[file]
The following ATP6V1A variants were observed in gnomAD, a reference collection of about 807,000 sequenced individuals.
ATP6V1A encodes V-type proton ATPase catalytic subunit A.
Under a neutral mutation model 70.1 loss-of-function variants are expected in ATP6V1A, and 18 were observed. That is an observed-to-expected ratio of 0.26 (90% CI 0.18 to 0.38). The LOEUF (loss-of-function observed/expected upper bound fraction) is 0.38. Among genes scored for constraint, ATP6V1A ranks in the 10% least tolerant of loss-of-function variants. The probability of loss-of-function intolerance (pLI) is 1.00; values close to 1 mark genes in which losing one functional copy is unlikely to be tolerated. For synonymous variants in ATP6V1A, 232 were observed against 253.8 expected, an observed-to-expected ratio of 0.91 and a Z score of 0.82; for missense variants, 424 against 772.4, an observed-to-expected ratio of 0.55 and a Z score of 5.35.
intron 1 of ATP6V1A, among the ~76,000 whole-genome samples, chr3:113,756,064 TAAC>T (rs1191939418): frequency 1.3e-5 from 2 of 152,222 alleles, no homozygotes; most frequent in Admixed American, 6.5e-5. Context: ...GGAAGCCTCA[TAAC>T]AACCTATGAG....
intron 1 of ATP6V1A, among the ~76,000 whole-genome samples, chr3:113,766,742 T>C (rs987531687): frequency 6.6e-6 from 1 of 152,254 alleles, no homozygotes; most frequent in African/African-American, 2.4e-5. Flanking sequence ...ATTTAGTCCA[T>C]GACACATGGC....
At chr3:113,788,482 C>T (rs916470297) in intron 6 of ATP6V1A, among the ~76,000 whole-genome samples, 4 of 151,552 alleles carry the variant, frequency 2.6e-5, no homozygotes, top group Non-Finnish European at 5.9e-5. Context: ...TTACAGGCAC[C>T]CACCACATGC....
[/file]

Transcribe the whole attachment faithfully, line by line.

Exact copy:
The following ATP6V1A variants were observed in gnomAD, a reference collection of about 807,000 sequenced individuals.
ATP6V1A encodes V-type proton ATPase catalytic subunit A.
Under a neutral mutation model 70.1 loss-of-function variants are expected in ATP6V1A, and 18 were observed. That is an observed-to-expected ratio of 0.26 (90% CI 0.18 to 0.38). The LOEUF (loss-of-function observed/expected upper bound fraction) is 0.38. Among genes scored for constraint, ATP6V1A ranks in the 10% least tolerant of loss-of-function variants. The probability of loss-of-function intolerance (pLI) is 1.00; values close to 1 mark genes in which losing one functional copy is unlikely to be tolerated. For synonymous variants in ATP6V1A, 232 were observed against 253.8 expected, an observed-to-expected ratio of 0.91 and a Z score of 0.82; for missense variants, 424 against 772.4, an observed-to-expected ratio of 0.55 and a Z score of 5.35.
intron 1 of ATP6V1A, among the ~76,000 whole-genome samples, chr3:113,756,064 TAAC>T (rs1191939418): frequency 1.3e-5 from 2 of 152,222 alleles, no homozygotes; most frequent in Admixed American, 6.5e-5. Context: ...GGAAGCCTCA[TAAC>T]AACCTATGAG....
intron 1 of ATP6V1A, among the ~76,000 whole-genome samples, chr3:113,766,742 T>C (rs987531687): frequency 6.6e-6 from 1 of 152,254 alleles, no homozygotes; most frequent in African/African-American, 2.4e-5. Flanking sequence ...ATTTAGTCCA[T>C]GACACATGGC....
At chr3:113,788,482 C>T (rs916470297) in intron 6 of ATP6V1A, among the ~76,000 whole-genome samples, 4 of 151,552 alleles carry the variant, frequency 2.6e-5, no homozygotes, top group Non-Finnish European at 5.9e-5. Context: ...TTACAGGCAC[C>T]CACCACATGC....